Optimal adherence to antiretroviral therapy (ART) is associated with favorable HIV outcomes, including higher CD4 cell counts, HIV virus suppression and a lower risk of HIV transmission. However, only 25% of people living with HIV/AIDS (PLWH) in the USA are virally suppressed. Sub-optimal adherence (<90-95%) contributes to antiretroviral resistance and worse medical outcomes, including more rapid progression to AIDS and death. Psychosocial factors and religion/spirituality (R/S) have a significant impact on ART adherence, but the findings are mixed. The purpose of this study was to examine religious and psychosocial correlates and predictors of ≥90% ART adherence in PLWH. A cross-sectional study was conducted with a sample of 292 outpatient PLWH in the Southeastern USA. Participants completed computerized surveys. The mean ART adherence percentage was 80.9% and only about half reported ≥90% adherence. There were statistically significant differences in ART adherence rates based on age, depressive symptom status and frequency of religious attendance and prayer. Praying at least once a day was significantly associated with ≥90% ART adherence (OR = 2.26, 95% CI [1.06-4.79], p < 0.05). Social support satisfaction was also significantly associated with ART adherence (OR = 1.52, 95% CI [1.11-2.08], p < 0.05) and energy/fatigue/vitality (OR = 1.03, 95% CI [1.00-1.05], p < 0.05).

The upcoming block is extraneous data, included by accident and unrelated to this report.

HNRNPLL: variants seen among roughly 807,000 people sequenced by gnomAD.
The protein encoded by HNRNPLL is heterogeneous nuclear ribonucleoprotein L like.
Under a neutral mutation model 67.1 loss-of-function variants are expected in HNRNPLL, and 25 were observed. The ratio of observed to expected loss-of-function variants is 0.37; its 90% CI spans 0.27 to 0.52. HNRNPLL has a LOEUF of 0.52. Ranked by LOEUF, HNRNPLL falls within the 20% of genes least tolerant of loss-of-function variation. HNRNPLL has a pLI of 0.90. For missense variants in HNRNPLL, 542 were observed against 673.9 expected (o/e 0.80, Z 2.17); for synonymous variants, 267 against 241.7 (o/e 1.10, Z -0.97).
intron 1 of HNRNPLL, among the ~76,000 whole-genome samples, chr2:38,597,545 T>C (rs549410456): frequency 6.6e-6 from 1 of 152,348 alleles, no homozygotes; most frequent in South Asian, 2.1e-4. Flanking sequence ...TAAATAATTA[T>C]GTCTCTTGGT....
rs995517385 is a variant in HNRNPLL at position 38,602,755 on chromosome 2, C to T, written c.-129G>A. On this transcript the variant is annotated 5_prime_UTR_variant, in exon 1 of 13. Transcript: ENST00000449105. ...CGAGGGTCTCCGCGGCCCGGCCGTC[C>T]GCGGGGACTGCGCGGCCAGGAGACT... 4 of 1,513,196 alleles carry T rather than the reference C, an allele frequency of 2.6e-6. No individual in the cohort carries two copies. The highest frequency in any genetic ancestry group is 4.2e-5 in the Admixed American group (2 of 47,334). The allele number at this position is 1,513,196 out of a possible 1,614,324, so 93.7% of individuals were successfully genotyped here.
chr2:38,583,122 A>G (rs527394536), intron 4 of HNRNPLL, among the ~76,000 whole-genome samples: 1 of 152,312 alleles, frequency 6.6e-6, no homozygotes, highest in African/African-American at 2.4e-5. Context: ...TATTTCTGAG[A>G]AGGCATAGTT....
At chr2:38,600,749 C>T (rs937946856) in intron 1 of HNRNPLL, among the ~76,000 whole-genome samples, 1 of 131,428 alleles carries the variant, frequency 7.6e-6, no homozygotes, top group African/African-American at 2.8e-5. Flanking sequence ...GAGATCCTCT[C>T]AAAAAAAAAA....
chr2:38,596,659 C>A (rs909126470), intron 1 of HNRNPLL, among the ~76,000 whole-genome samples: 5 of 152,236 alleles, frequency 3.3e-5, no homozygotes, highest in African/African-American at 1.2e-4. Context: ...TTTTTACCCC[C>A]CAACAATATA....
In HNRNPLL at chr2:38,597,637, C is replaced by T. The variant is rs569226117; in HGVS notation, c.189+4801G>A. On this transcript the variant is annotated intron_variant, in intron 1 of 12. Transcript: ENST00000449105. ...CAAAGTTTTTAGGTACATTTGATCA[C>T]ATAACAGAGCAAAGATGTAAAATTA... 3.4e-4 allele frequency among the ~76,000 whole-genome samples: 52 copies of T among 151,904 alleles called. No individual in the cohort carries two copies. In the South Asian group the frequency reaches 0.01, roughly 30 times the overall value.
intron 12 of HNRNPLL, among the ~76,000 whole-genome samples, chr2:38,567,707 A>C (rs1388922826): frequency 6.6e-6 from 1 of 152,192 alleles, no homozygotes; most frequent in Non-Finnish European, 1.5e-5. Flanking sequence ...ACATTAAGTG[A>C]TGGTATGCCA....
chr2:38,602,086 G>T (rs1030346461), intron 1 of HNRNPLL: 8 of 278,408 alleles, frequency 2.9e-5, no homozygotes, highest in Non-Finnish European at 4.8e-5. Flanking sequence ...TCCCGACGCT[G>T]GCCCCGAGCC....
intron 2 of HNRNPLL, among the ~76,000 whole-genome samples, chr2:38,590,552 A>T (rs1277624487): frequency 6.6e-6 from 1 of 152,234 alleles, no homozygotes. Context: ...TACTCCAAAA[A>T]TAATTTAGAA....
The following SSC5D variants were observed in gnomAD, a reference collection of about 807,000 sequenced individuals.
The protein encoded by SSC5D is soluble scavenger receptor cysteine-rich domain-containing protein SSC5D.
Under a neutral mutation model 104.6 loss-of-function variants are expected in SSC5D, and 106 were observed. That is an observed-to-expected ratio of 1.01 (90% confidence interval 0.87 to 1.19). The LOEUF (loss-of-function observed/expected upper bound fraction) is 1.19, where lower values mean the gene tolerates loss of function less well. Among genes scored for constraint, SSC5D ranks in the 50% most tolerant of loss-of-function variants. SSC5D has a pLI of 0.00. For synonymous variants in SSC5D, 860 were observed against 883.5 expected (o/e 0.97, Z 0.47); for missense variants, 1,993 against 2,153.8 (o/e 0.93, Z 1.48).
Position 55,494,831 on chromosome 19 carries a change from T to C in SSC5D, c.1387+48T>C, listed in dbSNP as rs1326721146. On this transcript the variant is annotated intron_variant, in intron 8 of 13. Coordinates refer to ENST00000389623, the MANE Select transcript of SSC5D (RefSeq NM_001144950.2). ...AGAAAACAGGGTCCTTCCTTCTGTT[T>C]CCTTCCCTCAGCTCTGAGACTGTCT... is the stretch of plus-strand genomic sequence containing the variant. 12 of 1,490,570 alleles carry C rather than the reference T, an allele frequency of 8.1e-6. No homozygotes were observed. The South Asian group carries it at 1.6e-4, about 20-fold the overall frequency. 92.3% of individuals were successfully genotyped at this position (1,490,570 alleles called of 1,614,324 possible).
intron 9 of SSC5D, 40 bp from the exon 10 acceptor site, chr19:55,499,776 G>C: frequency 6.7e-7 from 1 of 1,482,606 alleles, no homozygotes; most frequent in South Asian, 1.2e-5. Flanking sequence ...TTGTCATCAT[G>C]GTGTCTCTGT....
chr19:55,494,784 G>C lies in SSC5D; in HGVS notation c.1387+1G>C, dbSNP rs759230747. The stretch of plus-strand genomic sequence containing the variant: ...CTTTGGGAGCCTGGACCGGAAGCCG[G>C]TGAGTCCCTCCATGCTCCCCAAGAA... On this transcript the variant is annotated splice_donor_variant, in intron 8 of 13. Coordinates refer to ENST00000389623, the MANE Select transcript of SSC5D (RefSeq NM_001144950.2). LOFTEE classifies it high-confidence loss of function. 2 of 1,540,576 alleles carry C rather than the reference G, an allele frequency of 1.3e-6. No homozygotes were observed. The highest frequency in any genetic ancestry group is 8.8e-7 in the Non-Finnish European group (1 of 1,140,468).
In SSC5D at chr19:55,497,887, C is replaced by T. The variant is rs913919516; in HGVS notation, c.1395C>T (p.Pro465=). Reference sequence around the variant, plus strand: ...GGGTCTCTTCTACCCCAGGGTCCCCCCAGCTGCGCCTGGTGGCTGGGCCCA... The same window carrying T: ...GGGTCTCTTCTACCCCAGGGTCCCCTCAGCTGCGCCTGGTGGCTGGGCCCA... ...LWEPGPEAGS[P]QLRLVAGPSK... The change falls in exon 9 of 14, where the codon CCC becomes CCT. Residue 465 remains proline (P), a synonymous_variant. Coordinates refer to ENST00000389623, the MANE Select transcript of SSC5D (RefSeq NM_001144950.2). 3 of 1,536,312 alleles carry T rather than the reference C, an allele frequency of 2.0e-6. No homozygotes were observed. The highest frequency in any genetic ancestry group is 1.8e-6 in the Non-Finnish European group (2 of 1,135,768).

Keywords: Antiretroviral therapy; HIV/AIDS; Medication adherence; Religion; Spirituality.